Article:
A teenager has been pulled largely unscathed from beneath the rubble of a collapsed building in the Turkish city of Gaziantep – but the chances of finding many more survivors four days after a catastrophic earthquake killed tens of thousands are shrinking fast.
The 7.8 magnitude earthquake hit the border region between Turkey and Syria, an area with a population of 13.5 million, killing more than 20,000 people.
Before dawn in Gaziantep, near the epicentre of the quake, rescuers pulled Adnan Muhammed Korkut from the basement where had been trapped since the tremor struck on Monday.
The 17-year-old beamed a smile at the crowd of friends and relatives who cried tears of joy as he was carried out and put onto a stretcher.
Trapped for 94 hours, but not crushed, the teenager said he had been forced to drink his own urine to slake his thirst.
“I was able to survive that way,” he said.
A rescue worker, identified only as Yasemin, told him: “I have a son just like you.
“I swear to you, I have not slept for four days. I swear I did not sleep; I was trying to get you out.”
This total eclipses the more than 18,400 who died in the 2011 earthquake off Fukushima, Japan, that triggered a tsunami and the estimated 18,000 people who died in a tremor near Istanbul in 1999.
The new figure, which is certain to rise, included more than 17,600 people in Turkey and more than 3,300 in civil war-torn Syria.
Aerial footage revealed the scope of devastation, with entire neighbourhoods of high-rises reduced to twisted metal, pulverised concrete and exposed wires.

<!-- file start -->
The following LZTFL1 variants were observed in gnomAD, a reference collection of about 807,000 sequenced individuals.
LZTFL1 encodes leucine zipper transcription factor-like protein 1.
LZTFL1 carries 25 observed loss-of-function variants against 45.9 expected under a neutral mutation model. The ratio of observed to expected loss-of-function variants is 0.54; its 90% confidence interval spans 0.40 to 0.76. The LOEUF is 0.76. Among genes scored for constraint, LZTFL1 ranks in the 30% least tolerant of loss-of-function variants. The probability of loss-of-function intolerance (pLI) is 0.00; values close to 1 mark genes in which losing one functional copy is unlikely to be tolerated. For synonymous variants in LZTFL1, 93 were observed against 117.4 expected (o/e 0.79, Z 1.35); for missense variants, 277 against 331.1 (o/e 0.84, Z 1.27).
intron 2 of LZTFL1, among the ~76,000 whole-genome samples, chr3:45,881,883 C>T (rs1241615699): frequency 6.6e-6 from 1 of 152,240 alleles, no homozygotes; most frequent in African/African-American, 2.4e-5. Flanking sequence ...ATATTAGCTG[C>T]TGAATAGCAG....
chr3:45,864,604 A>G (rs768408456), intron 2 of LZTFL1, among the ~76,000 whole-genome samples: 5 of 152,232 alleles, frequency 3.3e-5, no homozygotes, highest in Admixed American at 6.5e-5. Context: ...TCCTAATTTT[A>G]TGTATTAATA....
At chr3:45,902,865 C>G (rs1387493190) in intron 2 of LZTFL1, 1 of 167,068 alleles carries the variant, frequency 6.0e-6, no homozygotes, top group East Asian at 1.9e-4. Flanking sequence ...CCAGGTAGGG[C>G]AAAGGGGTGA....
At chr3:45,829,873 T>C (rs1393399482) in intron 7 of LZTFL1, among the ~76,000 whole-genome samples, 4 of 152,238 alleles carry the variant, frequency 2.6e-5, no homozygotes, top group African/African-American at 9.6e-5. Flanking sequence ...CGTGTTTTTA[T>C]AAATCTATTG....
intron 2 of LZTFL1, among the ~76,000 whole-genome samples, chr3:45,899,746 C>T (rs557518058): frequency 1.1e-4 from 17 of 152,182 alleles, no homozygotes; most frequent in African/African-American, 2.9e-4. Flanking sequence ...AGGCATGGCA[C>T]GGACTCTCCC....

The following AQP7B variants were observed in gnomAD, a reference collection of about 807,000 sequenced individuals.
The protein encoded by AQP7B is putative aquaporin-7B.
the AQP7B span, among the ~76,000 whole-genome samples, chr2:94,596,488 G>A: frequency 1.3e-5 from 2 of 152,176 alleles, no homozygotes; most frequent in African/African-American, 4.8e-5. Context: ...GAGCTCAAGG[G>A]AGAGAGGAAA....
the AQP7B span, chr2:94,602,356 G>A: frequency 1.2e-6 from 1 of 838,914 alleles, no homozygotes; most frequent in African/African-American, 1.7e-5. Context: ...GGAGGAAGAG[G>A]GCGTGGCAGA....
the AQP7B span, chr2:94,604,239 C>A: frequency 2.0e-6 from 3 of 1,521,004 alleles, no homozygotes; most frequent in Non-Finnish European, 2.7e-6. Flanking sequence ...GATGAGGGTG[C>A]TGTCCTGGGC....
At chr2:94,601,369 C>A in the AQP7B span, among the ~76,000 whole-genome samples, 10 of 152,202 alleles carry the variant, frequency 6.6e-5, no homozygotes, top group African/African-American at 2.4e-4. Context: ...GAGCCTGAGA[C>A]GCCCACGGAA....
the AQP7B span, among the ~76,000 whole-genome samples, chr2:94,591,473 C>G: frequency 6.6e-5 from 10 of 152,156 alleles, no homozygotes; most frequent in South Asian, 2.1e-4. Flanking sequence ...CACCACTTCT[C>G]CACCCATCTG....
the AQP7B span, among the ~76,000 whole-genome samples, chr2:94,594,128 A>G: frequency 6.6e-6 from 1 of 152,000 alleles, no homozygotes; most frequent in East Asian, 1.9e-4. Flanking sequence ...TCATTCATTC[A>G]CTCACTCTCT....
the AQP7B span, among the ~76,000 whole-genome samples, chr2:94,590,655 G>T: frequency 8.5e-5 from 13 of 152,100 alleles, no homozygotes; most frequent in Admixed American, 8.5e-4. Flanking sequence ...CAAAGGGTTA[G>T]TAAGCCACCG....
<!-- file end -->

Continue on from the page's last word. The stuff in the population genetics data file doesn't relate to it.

Even though experts say trapped people could survive for a week or more, the chances of finding survivors in the freezing temperatures are dimming.
As emergency crews and panicked relatives dug through the rubble – and occasionally found people alive – the focus began to shift to demolishing dangerously unstable structures.
Workers continued rescue operations in Kahramanmaras, but it was clear that many who were trapped in collapsed buildings had already died.
One rescue worker was heard saying that his psychological state was declining and that the smell of death was becoming too much to bear.
In north-western Syria, the first UN aid trucks since the quake to enter the rebel-controlled area from Turkey arrived on Thursday, underlining the difficulty of getting help to people there.
Many of those who have lost their homes found shelter in tents, stadiums and other temporary accommodation, but others have slept outdoors.
“Especially in this cold, it is not possible to live here,” he said. “If people haven’t died from being stuck under the rubble, they’ll die from the cold.”
The winter weather and damage to roads and airports have hampered the response. Some in Turkey have complained that the government was slow to respond — a perception that could hurt Mr Erdogan at a time when he faces a tough battle for re-election in May.
Mr Erdogan has been visiting affected cities over the last two days.
Turkey’s disaster-management agency said more than 110,000 rescue personnel were now taking part in the effort and more than 5,500 vehicles, including tractors, cranes, bulldozers and excavators had been shipped.
The foreign ministry said 95 countries have offered help.